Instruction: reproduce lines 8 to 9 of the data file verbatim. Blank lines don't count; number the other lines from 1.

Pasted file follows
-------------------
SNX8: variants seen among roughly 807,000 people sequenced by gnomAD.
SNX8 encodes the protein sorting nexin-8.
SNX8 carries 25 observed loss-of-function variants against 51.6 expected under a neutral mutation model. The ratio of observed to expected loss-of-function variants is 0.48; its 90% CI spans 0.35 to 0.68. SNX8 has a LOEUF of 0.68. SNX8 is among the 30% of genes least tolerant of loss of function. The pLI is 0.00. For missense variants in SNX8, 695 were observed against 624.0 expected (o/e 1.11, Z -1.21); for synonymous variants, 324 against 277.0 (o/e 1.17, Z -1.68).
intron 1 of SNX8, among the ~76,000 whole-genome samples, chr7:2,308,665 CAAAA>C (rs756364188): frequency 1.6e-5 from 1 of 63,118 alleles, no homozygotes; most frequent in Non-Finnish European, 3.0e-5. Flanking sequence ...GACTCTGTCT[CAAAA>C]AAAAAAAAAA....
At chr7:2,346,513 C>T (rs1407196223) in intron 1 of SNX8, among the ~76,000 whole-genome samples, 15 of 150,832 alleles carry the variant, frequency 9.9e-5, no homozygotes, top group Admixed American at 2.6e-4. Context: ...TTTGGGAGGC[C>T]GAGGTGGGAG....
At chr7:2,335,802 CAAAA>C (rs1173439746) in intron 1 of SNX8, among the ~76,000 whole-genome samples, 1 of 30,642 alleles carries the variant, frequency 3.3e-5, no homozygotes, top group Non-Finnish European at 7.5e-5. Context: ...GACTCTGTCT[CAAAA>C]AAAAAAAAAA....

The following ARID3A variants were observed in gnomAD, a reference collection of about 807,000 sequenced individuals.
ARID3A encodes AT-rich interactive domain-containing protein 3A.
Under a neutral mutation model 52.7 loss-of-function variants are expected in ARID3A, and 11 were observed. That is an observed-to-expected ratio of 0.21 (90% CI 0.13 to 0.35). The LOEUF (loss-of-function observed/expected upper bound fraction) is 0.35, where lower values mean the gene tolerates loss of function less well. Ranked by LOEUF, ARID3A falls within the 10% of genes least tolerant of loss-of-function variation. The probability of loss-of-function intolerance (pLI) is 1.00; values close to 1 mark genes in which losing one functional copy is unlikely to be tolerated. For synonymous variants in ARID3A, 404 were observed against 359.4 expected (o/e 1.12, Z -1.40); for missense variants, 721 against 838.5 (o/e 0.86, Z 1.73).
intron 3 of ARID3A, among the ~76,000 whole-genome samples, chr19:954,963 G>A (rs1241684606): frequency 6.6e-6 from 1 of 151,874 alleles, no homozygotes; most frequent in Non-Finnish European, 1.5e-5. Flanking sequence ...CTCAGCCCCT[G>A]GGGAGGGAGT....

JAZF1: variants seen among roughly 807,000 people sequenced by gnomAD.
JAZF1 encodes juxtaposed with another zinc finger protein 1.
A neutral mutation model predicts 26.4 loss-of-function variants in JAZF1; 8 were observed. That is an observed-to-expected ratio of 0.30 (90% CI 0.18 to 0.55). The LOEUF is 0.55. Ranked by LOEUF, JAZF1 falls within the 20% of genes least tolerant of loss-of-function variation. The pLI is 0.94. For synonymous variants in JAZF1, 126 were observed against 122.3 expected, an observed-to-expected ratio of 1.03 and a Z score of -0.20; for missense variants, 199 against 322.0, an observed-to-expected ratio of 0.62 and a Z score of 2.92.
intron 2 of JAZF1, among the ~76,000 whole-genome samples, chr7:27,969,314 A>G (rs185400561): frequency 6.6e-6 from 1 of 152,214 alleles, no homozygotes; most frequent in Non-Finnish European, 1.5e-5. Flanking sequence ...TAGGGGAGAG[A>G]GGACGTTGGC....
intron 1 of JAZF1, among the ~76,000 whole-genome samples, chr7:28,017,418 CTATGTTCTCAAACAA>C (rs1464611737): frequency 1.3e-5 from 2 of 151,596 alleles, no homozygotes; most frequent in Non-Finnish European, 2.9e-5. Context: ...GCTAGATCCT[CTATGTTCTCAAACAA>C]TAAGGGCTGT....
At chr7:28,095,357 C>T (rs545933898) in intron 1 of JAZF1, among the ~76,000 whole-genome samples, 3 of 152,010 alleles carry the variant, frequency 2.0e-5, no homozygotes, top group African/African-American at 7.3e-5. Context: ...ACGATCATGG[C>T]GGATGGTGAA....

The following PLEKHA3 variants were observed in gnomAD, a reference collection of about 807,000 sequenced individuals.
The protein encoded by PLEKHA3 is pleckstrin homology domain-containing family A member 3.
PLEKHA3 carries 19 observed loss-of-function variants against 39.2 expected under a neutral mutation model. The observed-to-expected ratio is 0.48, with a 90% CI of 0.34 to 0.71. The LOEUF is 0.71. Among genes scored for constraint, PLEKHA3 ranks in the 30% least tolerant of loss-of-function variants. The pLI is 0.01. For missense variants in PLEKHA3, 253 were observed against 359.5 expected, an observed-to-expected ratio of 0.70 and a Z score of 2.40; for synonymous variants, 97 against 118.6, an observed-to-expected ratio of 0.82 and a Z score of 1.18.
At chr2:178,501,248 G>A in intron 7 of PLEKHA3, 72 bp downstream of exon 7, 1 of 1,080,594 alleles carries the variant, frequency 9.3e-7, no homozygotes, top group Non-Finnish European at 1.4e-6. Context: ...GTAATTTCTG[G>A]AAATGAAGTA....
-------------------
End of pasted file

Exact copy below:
ARID3A encodes AT-rich interactive domain-containing protein 3A.
Under a neutral mutation model 52.7 loss-of-function variants are expected in ARID3A, and 11 were observed. That is an observed-to-expected ratio of 0.21 (90% CI 0.13 to 0.35). The LOEUF (loss-of-function observed/expected upper bound fraction) is 0.35, where lower values mean the gene tolerates loss of function less well. Ranked by LOEUF, ARID3A falls within the 10% of genes least tolerant of loss-of-function variation. The probability of loss-of-function intolerance (pLI) is 1.00; values close to 1 mark genes in which losing one functional copy is unlikely to be tolerated. For synonymous variants in ARID3A, 404 were observed against 359.4 expected (o/e 1.12, Z -1.40); for missense variants, 721 against 838.5 (o/e 0.86, Z 1.73).